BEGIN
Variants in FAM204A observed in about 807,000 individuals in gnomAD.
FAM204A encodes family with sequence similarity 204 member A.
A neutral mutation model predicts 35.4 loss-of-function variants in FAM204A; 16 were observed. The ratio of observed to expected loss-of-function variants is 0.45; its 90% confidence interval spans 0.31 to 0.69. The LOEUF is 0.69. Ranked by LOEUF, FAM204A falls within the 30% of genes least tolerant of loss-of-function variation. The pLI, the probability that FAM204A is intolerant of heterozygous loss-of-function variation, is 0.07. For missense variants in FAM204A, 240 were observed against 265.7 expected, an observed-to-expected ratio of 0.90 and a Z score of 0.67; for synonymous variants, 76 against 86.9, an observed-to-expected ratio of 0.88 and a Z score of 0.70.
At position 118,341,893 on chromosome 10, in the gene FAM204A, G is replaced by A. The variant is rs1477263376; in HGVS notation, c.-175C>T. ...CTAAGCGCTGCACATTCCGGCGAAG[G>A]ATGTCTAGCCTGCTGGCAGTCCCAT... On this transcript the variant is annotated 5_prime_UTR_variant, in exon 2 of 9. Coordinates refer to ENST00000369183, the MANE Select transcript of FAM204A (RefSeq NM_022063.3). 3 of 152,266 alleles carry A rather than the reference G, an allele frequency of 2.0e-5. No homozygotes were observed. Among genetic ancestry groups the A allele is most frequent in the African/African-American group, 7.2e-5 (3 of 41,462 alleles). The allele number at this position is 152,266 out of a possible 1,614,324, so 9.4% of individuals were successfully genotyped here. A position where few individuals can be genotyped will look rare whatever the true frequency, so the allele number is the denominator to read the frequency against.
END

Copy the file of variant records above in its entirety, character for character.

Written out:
Variants in FAM204A observed in about 807,000 individuals in gnomAD.
FAM204A encodes family with sequence similarity 204 member A.
A neutral mutation model predicts 35.4 loss-of-function variants in FAM204A; 16 were observed. The ratio of observed to expected loss-of-function variants is 0.45; its 90% confidence interval spans 0.31 to 0.69. The LOEUF is 0.69. Ranked by LOEUF, FAM204A falls within the 30% of genes least tolerant of loss-of-function variation. The pLI, the probability that FAM204A is intolerant of heterozygous loss-of-function variation, is 0.07. For missense variants in FAM204A, 240 were observed against 265.7 expected, an observed-to-expected ratio of 0.90 and a Z score of 0.67; for synonymous variants, 76 against 86.9, an observed-to-expected ratio of 0.88 and a Z score of 0.70.
At position 118,341,893 on chromosome 10, in the gene FAM204A, G is replaced by A. The variant is rs1477263376; in HGVS notation, c.-175C>T. ...CTAAGCGCTGCACATTCCGGCGAAG[G>A]ATGTCTAGCCTGCTGGCAGTCCCAT... On this transcript the variant is annotated 5_prime_UTR_variant, in exon 2 of 9. Coordinates refer to ENST00000369183, the MANE Select transcript of FAM204A (RefSeq NM_022063.3). 3 of 152,266 alleles carry A rather than the reference G, an allele frequency of 2.0e-5. No homozygotes were observed. Among genetic ancestry groups the A allele is most frequent in the African/African-American group, 7.2e-5 (3 of 41,462 alleles). The allele number at this position is 152,266 out of a possible 1,614,324, so 9.4% of individuals were successfully genotyped here. A position where few individuals can be genotyped will look rare whatever the true frequency, so the allele number is the denominator to read the frequency against.